Beyond the Brandenburg Gate: 10 hidden gems in Berlin
Walking around the Brandenburg Gate and snapping pictures in front of the Reichstag are must-do’s for anyone visiting Berlin, but dig a little deeper and you’ll discover a whole new Berlin beyond the tourist hot-spots. When visiting Europe’s sprawling capital of cool, finding the right hidden gems to hit up can be a bit daunting – there’s almost too much cool stuff to do. We’ve made it easier by scouting, testing and listing the ten best hidden gems in Berlin.
1. Markthalle Neun
Berlin used to boast fourteen beautiful markets, but sadly only three have survived. Head to the Kreuzberg district for one of the best one’s, the historic Markthalle Neun, first opened in 1891 and revived as a farmers’ market in late 2011. If you are a true foodie, then this market is a must as all food is regionally sourced and super affordable in true Berlin style. Enjoy some culinary delicacies on “Street Food Thursday”, munch on some traditional German breakfast at the “Breakfast Market”, which is hosted every third Sunday of the month, or indulge in a sweet treat heaven on the “Naschmarkt” (only happens every three months so be sure to check the calendar!).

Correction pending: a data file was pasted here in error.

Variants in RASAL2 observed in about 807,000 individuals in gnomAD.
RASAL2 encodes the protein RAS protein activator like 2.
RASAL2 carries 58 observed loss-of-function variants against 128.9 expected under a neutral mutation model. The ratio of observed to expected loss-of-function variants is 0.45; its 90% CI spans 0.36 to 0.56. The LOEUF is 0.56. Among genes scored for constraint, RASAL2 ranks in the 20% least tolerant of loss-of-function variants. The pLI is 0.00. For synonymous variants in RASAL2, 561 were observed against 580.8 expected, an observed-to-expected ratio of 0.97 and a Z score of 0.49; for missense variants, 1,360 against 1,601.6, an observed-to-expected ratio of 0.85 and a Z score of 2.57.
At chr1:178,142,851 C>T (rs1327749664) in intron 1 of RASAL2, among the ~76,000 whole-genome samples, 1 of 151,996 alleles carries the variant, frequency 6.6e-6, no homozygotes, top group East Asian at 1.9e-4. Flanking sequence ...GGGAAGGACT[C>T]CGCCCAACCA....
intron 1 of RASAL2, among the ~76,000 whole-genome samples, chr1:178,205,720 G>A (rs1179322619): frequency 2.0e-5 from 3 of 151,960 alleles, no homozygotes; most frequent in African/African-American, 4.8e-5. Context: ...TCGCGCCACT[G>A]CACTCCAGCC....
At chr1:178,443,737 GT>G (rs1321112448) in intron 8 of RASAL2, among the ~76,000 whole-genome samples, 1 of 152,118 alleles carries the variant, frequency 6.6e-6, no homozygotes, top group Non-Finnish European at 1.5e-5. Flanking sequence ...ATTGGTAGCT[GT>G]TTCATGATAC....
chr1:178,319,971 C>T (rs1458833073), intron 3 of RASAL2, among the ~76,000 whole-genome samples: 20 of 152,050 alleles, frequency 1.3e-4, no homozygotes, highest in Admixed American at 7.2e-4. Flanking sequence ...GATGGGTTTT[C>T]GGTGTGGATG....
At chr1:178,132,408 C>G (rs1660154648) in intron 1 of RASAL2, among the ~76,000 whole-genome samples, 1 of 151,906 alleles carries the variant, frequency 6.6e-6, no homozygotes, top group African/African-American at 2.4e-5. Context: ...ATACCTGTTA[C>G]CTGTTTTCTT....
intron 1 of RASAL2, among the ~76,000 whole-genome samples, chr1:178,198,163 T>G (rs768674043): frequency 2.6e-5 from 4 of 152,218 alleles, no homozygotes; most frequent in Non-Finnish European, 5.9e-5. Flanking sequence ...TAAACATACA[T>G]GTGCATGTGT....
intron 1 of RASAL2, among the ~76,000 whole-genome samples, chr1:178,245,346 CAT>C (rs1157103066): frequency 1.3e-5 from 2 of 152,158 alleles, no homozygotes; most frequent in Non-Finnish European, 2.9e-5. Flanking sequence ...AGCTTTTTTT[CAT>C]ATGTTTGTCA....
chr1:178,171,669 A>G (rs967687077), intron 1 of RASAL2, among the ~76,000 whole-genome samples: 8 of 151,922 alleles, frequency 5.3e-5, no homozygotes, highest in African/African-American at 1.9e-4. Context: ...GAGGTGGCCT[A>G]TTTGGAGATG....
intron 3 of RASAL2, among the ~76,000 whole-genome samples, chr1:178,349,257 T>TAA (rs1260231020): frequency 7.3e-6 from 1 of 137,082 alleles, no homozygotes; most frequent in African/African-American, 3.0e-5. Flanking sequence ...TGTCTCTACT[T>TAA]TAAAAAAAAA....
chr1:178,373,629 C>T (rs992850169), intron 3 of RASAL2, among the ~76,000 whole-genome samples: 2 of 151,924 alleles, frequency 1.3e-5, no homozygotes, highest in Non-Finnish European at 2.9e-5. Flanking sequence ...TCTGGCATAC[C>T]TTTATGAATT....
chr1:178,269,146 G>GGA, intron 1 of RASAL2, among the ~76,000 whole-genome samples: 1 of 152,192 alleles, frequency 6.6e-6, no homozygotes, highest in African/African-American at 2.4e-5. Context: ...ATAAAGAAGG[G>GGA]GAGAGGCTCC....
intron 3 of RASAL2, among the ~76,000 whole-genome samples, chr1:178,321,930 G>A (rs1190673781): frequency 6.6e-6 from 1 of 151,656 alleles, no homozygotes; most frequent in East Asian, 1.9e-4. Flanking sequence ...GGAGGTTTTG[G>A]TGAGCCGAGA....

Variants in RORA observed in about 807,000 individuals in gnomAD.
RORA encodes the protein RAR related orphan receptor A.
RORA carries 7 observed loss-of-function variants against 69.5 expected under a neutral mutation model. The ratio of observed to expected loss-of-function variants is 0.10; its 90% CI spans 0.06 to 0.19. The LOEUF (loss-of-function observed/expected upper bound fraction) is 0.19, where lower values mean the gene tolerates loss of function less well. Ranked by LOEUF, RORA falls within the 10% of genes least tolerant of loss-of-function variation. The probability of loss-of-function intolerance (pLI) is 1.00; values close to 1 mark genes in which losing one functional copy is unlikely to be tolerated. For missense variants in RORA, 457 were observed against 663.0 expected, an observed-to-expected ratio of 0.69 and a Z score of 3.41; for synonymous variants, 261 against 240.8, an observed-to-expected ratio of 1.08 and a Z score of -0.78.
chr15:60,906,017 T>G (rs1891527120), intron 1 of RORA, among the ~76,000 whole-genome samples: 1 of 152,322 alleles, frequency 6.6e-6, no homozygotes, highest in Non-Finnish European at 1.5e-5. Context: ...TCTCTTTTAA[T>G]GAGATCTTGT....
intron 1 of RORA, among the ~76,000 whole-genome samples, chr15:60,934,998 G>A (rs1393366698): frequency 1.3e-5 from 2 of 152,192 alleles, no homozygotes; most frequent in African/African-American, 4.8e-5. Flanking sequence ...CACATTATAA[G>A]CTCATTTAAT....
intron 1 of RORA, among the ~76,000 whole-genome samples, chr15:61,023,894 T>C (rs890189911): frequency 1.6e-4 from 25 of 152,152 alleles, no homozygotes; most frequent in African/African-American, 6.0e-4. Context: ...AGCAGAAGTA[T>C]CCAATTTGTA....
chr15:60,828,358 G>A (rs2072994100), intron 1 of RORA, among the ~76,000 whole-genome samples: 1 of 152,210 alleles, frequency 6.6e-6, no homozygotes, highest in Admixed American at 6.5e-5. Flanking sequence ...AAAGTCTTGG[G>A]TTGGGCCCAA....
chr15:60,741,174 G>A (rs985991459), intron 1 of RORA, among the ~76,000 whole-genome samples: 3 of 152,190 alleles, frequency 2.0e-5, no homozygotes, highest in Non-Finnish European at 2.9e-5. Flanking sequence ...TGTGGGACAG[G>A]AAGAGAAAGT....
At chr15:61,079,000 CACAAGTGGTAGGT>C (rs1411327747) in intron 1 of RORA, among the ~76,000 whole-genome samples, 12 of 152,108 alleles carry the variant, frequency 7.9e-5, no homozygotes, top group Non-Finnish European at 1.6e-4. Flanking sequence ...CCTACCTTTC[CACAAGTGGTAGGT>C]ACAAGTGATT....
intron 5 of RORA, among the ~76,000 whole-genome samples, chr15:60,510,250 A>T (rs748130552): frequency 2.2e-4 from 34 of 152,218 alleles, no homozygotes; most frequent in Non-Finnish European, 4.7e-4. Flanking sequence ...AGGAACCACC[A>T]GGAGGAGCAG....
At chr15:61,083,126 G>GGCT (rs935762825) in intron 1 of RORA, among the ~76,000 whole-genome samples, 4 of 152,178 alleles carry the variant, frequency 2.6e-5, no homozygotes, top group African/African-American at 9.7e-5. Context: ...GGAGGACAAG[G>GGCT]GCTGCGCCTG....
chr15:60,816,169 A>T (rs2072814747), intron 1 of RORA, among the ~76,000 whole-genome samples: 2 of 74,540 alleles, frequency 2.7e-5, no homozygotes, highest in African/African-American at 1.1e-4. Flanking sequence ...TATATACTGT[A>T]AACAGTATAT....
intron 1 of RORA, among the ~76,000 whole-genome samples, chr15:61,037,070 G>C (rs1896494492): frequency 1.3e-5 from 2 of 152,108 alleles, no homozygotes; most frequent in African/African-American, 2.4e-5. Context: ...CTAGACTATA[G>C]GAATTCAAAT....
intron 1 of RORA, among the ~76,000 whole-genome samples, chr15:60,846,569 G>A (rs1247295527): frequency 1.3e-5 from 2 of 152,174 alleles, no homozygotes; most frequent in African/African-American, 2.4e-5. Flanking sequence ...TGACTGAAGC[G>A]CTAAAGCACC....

2. Enjoy the views from Viktoriapark
Berlin is very flat, so there are only a few spots that grant you views over the whole city. Instead of waiting in line to climb the Fernsehturm or the Reichstagskuppel, I suggest you head to Kreuzberg’s Viktoriapark. This secret spot in Berlin is actually the highest elevation in the city and offers spacious grassy areas that are ideal for a picnic while enjoying the sunset. In the park you will also find an idyllic pond, a beautiful waterfall, a beer garden, and on top of the hill you will stumble upon a carefully designed Prussian National monument for the Liberation Wars, which resembles the spire tops of a Gothic church. The view from up there is wonderful – well worth the (slight) trek.